YOU SHOULD HAVE SEEN the one that got away. That’s a birding as well as a fishing refrain, a common hope among the binoculars-and-field-guide set, where to see is to capture. For me, the one that got away was the resplendent quetzal; I missed him on a trip to Costa Rica, dramatic tail streamers and all. Yet his name still summons a memory of open space in a cloud forest where I waited, and watched.
For Jonathan Rosen, the one that got away is the ivory-billed woodpecker. Long feared extinct, the bird made headlines in 2005 when researchers spotted a lone male in an Arkansas swamp. Rosen paddles slowly through that and other swamps, hoping to spot an ivory-billed, but must settle for the chance to photograph specimens collected in 1899. Still, the possibility of seeing the bird infuses his journey. Rosen’s is an informed hope, touched with regret; the list of extinct animals and plants grows daily longer, a dark counterpoint to the life lists many birders keep. And if the ivory-billed has indeed escaped extinction — which seems like a long shot — it’s an even longer shot that it will be able to maintain a breeding population. We can take nothing for granted. Passenger pigeons were once more common than crows.
Rosen skillfully frames each side of a question, and this nuanced vision is one of his book’s strong suits. Describing John James Audubon’s paintings, work modeled after birds he shot in order to pose, Rosen muses, “The urge to kill and the urge to preserve seem equally great in us, and are often inextricably linked.” Bothersome complexity: hunters can be the staunchest conservationists, and, as Rosen knows, “there is fine birding to be done on golf courses or at garbage dumps or sewerage-treatment plants. That may be a sign of the degradation of nature, but also of our interconnectedness with it.” Everything’s mixed, and maybe that’s all right — the Nazis, as Rosen points out, were sticklers for purity.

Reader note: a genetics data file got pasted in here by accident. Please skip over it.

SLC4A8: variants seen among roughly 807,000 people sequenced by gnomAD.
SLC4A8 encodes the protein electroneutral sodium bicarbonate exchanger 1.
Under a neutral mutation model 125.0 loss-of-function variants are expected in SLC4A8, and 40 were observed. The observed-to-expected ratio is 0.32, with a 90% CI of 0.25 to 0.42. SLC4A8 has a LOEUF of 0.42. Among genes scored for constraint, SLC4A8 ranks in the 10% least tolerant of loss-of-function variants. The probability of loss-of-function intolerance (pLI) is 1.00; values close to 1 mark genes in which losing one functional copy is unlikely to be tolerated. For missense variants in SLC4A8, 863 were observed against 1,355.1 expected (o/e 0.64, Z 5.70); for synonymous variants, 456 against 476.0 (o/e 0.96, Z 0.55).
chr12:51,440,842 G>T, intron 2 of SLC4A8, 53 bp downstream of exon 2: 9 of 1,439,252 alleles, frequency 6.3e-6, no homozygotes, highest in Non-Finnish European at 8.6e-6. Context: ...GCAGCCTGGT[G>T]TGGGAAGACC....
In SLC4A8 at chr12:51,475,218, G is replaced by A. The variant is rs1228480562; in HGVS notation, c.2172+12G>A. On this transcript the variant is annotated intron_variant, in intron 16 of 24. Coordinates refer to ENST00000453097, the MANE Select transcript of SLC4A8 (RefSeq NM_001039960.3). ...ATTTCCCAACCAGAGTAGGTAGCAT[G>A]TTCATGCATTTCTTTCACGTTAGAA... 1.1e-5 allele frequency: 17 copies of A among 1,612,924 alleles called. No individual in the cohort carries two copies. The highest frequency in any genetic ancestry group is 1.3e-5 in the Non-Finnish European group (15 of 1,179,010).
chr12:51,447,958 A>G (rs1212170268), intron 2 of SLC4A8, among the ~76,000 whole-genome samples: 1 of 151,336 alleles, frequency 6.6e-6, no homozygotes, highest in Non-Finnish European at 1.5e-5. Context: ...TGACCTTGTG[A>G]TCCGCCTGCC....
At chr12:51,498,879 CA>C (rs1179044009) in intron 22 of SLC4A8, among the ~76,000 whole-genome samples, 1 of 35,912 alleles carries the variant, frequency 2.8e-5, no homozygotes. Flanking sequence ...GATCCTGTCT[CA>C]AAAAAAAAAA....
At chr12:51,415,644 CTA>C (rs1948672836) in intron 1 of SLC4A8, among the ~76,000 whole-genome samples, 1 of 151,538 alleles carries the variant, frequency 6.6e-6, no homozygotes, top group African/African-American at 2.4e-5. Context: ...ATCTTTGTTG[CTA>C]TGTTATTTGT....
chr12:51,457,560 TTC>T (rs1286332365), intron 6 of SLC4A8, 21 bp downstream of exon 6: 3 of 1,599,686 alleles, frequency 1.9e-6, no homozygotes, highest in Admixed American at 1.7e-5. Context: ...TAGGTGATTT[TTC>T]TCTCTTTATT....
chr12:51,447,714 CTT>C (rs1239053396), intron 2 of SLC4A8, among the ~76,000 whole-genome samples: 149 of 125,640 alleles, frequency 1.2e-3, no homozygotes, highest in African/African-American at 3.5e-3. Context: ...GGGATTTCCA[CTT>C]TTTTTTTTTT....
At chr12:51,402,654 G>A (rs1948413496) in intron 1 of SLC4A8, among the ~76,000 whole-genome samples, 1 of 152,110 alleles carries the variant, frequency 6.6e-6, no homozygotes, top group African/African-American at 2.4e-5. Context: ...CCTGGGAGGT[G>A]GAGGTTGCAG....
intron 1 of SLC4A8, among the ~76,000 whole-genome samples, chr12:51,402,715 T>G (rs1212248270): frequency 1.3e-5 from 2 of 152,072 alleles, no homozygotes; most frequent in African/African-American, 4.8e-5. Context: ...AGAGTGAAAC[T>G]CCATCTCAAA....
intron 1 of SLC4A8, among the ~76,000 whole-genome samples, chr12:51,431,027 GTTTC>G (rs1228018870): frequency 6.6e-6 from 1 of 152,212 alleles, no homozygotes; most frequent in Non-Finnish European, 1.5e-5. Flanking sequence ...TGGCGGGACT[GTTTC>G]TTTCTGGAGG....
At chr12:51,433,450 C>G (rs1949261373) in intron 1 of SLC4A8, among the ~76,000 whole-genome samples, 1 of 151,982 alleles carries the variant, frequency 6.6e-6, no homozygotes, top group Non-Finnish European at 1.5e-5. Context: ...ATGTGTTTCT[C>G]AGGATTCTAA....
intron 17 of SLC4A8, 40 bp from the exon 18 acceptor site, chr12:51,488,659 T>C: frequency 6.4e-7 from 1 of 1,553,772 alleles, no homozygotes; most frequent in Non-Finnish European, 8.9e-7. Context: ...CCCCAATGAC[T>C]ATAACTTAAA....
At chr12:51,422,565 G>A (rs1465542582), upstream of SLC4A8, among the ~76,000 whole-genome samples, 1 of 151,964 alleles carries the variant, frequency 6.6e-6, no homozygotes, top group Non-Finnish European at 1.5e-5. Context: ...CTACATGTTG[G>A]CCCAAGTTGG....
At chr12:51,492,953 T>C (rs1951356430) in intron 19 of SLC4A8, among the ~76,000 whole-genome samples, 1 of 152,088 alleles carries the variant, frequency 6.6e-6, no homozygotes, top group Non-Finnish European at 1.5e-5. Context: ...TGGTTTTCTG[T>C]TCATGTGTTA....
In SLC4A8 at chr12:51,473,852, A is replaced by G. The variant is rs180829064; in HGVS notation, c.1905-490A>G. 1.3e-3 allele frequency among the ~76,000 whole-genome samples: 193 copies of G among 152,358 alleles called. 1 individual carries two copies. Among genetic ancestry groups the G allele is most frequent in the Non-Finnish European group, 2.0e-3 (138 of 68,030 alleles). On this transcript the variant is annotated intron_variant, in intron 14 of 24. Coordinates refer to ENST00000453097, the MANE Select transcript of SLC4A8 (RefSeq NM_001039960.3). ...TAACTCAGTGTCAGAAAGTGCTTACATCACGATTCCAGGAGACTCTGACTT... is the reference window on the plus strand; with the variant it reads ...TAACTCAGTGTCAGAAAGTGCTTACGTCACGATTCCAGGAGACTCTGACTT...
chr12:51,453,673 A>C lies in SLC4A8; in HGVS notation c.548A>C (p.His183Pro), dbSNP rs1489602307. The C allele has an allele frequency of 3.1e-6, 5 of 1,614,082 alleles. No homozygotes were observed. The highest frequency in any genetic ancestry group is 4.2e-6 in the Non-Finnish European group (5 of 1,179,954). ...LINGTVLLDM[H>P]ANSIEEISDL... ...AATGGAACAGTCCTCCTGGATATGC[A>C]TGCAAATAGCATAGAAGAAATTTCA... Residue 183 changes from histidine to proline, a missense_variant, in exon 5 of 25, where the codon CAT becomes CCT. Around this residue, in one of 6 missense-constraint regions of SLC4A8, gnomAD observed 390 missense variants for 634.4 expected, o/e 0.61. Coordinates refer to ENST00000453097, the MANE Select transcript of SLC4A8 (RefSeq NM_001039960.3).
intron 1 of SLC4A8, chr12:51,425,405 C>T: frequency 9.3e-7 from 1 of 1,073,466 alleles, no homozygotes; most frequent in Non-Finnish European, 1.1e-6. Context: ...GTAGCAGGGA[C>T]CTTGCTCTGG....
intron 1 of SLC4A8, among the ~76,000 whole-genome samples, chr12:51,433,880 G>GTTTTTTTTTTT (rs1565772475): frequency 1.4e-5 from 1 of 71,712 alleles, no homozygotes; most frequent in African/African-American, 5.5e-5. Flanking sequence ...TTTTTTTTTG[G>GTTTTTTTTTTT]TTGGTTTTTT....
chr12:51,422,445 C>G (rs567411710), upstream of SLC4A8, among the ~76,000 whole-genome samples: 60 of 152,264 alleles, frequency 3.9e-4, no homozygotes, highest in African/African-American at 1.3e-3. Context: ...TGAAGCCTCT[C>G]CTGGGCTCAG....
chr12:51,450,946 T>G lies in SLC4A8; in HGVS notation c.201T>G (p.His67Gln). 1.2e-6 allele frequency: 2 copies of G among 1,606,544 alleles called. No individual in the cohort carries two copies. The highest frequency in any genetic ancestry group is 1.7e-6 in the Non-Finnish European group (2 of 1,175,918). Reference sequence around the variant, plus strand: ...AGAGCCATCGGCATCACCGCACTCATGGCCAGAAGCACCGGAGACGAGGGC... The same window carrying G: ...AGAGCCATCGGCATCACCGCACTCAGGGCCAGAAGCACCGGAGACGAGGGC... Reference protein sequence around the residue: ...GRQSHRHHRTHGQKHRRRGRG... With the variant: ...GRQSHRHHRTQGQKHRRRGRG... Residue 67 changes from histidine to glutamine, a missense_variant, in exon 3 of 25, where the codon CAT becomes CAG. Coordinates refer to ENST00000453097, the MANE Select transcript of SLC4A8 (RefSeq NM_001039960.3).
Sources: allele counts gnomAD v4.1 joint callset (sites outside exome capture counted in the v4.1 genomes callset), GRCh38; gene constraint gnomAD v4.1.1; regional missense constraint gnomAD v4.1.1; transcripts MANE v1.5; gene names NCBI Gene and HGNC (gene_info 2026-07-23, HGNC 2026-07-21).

The question for Rosen, for all of us, is how to navigate a path between extremes. “It is hard, perhaps impossible, to get the balance right,” Rosen writes, but he continues to strive. The book’s middle path traces the common ground between library and swamp. Frost and Darwin, Whitman and Hardy: Rosen never wanders alone, hauling along technology (Leica binoculars) and culture (Avraham Sutzkever) no matter the terrain. In the end, Rosen’s writing pulled me from study to backyard, where bright birds caught my eye. Red-bellied woodpecker, nuthatch, Carolina wren, bluebird: how far had they traveled to reach me? The Life of the Skies gave me sense enough to wonder.